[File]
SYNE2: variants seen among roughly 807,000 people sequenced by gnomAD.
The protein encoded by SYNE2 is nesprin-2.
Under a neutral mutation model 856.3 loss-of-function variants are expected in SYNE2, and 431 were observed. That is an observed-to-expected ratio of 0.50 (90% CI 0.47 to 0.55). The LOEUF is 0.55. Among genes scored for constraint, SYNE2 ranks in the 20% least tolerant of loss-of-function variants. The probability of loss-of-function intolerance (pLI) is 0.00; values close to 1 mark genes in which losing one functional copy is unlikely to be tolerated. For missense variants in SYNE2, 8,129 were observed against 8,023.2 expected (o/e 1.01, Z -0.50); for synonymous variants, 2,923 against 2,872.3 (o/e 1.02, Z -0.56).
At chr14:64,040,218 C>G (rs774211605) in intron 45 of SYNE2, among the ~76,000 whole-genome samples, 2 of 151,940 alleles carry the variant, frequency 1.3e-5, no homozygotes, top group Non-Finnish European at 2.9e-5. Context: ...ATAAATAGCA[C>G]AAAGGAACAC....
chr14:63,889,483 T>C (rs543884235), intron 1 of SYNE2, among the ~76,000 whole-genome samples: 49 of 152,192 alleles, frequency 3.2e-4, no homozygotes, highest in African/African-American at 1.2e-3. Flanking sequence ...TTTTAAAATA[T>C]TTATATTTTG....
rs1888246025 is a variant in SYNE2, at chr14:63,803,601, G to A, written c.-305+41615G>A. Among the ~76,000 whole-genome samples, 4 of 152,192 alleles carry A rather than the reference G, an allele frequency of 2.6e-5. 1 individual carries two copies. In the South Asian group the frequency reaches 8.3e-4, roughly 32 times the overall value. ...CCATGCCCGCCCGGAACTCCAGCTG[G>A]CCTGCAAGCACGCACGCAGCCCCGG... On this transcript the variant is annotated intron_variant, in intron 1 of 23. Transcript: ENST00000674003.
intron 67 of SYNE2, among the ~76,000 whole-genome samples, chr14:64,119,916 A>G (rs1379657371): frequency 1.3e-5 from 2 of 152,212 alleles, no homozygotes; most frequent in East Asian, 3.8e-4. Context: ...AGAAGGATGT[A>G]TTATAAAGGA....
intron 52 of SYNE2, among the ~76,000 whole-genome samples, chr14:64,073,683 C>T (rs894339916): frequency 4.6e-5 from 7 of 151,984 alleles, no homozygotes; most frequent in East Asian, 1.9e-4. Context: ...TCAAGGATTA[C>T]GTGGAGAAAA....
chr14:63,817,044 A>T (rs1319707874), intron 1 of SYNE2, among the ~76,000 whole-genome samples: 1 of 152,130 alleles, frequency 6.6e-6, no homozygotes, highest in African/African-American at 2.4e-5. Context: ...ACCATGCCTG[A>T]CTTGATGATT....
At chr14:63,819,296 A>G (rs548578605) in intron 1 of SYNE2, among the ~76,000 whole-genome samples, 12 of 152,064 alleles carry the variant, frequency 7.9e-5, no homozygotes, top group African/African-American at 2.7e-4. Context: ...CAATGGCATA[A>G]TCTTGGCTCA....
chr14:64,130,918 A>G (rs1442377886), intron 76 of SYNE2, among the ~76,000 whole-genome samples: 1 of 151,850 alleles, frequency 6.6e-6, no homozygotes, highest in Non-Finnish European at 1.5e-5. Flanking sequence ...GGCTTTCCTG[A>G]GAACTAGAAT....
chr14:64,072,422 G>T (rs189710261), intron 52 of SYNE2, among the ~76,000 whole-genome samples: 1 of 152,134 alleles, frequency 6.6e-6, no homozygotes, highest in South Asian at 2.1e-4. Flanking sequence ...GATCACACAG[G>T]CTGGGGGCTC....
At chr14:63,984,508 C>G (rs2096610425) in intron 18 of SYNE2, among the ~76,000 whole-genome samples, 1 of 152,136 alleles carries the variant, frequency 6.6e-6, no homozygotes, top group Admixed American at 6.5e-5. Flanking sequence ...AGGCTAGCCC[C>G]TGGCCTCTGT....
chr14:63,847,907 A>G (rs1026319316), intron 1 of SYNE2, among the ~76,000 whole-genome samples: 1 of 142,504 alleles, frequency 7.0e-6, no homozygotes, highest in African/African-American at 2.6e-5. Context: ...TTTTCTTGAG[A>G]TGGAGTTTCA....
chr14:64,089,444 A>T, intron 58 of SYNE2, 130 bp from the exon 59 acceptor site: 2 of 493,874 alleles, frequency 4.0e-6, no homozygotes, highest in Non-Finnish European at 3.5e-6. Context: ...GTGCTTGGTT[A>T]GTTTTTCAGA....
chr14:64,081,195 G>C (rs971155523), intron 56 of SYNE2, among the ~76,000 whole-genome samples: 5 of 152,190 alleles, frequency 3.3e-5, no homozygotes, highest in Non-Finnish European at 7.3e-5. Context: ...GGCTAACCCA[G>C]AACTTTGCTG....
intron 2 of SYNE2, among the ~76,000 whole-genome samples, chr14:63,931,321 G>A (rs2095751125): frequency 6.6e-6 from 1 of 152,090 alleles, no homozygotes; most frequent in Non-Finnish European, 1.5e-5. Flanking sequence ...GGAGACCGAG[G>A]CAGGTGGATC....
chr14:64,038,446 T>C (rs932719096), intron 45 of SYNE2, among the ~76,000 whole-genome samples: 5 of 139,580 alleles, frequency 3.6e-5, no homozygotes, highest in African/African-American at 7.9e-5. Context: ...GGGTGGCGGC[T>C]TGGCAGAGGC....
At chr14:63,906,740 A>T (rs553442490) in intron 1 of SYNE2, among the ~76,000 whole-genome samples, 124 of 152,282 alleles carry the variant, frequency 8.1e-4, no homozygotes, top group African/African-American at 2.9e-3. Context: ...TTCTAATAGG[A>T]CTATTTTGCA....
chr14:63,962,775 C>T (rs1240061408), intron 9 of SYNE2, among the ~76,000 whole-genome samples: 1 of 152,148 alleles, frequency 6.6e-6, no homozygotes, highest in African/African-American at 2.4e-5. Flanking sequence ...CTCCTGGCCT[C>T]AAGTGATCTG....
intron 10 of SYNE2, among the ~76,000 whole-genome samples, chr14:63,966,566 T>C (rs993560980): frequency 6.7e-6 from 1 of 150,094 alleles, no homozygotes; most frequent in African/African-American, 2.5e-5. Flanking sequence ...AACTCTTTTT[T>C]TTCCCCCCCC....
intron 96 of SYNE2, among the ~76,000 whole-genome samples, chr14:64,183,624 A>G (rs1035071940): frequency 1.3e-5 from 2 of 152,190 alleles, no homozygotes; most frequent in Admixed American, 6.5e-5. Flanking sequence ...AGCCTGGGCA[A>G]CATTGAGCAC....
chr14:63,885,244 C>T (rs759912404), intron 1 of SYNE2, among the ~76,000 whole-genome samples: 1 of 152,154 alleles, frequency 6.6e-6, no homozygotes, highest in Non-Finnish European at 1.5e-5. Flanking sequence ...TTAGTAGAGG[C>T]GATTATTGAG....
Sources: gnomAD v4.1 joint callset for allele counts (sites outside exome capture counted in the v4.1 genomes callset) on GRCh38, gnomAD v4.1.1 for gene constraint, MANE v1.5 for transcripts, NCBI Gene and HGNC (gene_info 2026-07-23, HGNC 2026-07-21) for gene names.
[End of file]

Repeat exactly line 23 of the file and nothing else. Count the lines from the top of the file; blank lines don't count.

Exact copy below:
chr14:63,885,244 C>T (rs759912404), intron 1 of SYNE2, among the ~76,000 whole-genome samples: 1 of 152,154 alleles, frequency 6.6e-6, no homozygotes, highest in Non-Finnish European at 1.5e-5. Flanking sequence ...TTAGTAGAGG[C>T]GATTATTGAG....